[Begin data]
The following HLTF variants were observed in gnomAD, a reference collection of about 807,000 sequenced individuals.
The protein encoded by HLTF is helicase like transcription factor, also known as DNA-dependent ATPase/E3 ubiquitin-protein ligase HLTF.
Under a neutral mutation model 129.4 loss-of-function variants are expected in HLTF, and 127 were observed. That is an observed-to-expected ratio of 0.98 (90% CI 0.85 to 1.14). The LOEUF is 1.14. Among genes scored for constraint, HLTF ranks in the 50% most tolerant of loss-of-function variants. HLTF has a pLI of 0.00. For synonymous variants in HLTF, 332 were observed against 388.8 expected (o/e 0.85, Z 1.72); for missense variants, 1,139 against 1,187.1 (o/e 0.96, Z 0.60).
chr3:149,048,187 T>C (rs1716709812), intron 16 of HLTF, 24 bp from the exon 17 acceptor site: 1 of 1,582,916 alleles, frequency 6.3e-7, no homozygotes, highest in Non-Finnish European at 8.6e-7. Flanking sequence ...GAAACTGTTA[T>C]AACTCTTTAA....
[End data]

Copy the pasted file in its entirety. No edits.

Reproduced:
The following HLTF variants were observed in gnomAD, a reference collection of about 807,000 sequenced individuals.
The protein encoded by HLTF is helicase like transcription factor, also known as DNA-dependent ATPase/E3 ubiquitin-protein ligase HLTF.
Under a neutral mutation model 129.4 loss-of-function variants are expected in HLTF, and 127 were observed. That is an observed-to-expected ratio of 0.98 (90% CI 0.85 to 1.14). The LOEUF is 1.14. Among genes scored for constraint, HLTF ranks in the 50% most tolerant of loss-of-function variants. HLTF has a pLI of 0.00. For synonymous variants in HLTF, 332 were observed against 388.8 expected (o/e 0.85, Z 1.72); for missense variants, 1,139 against 1,187.1 (o/e 0.96, Z 0.60).
chr3:149,048,187 T>C (rs1716709812), intron 16 of HLTF, 24 bp from the exon 17 acceptor site: 1 of 1,582,916 alleles, frequency 6.3e-7, no homozygotes, highest in Non-Finnish European at 8.6e-7. Flanking sequence ...GAAACTGTTA[T>C]AACTCTTTAA....